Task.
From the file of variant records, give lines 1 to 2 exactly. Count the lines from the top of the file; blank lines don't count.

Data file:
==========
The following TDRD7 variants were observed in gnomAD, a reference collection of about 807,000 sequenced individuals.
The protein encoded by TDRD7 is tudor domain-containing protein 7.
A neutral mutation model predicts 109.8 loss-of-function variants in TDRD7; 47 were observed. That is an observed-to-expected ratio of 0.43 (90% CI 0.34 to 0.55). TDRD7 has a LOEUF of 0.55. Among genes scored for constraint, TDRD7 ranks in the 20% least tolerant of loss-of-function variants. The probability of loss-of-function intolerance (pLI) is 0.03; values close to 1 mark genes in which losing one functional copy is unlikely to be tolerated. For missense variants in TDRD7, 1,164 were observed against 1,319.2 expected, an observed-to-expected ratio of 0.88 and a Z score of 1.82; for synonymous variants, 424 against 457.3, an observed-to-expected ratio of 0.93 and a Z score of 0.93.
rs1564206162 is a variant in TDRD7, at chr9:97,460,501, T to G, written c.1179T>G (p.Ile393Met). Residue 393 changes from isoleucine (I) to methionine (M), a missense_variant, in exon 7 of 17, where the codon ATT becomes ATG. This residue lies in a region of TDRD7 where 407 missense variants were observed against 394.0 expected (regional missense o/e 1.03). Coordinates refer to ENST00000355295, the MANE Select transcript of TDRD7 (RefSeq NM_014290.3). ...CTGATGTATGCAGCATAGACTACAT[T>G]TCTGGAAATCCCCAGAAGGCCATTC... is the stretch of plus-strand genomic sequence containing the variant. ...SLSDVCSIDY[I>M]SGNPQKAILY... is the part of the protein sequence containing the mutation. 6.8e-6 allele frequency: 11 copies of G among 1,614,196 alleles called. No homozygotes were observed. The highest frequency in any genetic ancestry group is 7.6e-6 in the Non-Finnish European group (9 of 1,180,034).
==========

The following TDRD7 variants were observed in gnomAD, a reference collection of about 807,000 sequenced individuals.
The protein encoded by TDRD7 is tudor domain-containing protein 7.